In the summer of 2003, in a bar in Malta, George Best was approached by a man holding a paper napkin and a pen. ‘It’s been my childhood dream,’ said the man, ‘to have George Best ask me for my autograph.’ Best obliged. As so often, his fame was so great that it turned normality upside down.
The star’s own phrase was that fame ‘turns the dial up’. He may have been associated more with another f-word, but what comes across most strongly in Celia Walden’s excellent account of her time as Best’s journalistic minder (Babysitting George, Bloomsbury, £16.99) is the role in his story of public recognition. Even when landlords refused to serve him, ‘fans’ sent across white wine (‘would that same couple give a bottle to a drunk in the street?’). ‘In belonging to everyone,’ concludes Walden, ‘Best had become detached from himself.’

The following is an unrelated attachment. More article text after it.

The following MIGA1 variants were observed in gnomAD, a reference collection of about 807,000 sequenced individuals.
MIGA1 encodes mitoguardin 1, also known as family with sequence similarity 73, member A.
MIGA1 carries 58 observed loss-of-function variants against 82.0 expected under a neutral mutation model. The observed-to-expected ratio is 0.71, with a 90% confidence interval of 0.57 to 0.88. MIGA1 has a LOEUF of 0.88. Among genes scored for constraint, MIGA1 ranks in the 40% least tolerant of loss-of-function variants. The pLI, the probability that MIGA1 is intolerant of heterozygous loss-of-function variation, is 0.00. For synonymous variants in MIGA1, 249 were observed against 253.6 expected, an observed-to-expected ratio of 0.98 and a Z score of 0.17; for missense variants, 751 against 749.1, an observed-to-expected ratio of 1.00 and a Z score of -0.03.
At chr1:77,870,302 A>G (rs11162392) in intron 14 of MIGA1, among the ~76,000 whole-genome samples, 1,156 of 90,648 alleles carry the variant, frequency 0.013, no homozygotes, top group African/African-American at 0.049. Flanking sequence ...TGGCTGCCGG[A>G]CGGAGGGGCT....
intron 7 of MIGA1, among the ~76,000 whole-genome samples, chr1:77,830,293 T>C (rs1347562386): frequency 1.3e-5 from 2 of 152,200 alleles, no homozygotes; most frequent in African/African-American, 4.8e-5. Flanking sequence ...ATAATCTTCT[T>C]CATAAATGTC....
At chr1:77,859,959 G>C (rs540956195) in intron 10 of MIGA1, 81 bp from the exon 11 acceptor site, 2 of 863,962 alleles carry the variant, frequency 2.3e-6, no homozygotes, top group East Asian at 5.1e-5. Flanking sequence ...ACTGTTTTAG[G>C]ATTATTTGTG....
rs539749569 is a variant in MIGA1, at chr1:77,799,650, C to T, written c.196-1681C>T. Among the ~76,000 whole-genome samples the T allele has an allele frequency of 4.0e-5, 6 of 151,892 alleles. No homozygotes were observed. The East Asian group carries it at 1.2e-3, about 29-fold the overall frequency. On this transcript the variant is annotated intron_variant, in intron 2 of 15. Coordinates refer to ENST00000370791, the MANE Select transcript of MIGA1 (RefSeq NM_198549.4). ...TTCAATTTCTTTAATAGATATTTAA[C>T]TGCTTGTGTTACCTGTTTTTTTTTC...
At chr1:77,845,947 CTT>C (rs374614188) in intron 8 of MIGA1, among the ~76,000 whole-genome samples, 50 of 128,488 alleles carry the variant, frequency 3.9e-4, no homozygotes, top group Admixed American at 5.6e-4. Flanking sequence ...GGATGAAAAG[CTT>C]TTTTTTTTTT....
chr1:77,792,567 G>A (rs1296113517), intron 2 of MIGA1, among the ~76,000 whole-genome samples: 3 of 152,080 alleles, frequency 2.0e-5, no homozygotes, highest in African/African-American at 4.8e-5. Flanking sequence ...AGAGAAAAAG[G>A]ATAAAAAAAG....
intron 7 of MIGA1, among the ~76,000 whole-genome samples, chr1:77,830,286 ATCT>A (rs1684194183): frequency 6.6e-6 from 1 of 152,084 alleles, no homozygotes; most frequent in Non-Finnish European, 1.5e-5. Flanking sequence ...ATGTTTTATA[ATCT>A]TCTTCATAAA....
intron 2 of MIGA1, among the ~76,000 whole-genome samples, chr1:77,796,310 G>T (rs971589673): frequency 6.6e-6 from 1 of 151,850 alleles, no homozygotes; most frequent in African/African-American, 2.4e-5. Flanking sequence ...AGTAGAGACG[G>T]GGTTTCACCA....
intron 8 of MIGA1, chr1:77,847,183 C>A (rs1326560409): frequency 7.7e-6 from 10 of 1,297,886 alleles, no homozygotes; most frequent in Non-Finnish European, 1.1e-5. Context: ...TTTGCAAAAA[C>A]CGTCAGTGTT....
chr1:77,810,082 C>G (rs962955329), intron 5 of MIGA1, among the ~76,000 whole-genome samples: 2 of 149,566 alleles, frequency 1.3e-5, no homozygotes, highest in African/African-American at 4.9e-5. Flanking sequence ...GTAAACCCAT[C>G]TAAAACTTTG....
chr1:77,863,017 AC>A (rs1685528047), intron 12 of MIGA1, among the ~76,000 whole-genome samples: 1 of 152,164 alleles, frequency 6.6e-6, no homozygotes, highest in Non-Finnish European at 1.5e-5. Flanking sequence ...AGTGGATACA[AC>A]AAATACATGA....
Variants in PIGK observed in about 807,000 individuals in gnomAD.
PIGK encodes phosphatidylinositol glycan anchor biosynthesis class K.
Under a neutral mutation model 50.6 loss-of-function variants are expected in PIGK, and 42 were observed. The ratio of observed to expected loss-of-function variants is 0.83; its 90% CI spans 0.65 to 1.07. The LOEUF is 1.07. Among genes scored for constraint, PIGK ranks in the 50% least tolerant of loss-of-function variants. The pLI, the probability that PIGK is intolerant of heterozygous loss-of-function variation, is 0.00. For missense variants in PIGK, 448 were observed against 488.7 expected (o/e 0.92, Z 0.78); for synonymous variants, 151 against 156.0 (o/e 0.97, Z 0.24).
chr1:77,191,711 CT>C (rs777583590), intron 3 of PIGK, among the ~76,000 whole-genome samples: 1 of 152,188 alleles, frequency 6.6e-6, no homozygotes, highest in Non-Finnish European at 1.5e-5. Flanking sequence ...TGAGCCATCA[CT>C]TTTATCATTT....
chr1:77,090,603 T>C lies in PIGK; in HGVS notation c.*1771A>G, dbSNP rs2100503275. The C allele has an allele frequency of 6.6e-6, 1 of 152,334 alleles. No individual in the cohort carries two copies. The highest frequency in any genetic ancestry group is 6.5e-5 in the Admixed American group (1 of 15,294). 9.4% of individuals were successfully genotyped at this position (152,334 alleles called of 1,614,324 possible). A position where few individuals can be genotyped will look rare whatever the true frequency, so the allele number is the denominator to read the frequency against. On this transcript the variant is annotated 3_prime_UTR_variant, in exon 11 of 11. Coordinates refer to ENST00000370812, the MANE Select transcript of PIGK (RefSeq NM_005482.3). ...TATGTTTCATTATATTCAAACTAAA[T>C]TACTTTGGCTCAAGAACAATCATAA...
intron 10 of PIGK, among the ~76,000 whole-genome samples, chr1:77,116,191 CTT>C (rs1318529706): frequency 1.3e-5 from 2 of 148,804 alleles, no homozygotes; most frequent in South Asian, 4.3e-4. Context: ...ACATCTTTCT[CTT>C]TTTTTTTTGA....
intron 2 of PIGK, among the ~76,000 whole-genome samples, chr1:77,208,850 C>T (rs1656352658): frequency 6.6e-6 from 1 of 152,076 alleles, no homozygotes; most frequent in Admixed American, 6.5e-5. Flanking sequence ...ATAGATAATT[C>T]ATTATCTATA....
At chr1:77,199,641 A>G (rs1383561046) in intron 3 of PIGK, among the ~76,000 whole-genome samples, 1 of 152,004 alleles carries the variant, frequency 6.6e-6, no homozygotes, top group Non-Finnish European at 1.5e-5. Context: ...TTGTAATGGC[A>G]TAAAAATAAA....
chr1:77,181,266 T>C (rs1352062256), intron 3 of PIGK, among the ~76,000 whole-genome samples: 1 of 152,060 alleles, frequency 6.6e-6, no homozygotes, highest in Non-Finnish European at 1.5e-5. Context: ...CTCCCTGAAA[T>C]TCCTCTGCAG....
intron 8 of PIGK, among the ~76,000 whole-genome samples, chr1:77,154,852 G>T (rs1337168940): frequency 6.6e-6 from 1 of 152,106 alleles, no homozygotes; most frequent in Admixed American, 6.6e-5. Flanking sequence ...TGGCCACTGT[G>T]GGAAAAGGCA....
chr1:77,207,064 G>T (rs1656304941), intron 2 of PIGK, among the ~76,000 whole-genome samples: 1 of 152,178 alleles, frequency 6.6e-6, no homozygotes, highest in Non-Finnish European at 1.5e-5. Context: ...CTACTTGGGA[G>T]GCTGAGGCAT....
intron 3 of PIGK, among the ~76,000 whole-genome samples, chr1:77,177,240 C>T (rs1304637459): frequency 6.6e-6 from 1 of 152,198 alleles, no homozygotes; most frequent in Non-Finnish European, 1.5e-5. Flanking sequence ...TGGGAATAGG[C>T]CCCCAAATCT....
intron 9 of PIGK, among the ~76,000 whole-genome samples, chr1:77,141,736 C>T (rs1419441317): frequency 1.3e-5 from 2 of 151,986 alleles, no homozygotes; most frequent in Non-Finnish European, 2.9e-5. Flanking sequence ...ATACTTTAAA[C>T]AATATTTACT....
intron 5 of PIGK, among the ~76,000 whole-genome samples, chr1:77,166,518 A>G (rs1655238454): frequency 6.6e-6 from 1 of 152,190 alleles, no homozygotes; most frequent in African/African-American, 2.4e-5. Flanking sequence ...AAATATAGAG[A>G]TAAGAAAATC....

This doesn’t excuse his behaviour, of course, which is why by the end our sympathy ran out. Even here, though, we were tied to him. ‘People looked forward to his death: only then would they be allowed to worship him again.’
The friendship between Walden and Best is movingly portrayed. He christens her ‘Trouble’; she realises that ‘like all the women who got close to him, part of me had been stupid enough to believe that I might be able to help.’ No chance: he had been ‘eaten up by his own celebrity’. That, to answer the famous question, is where it all went wrong.
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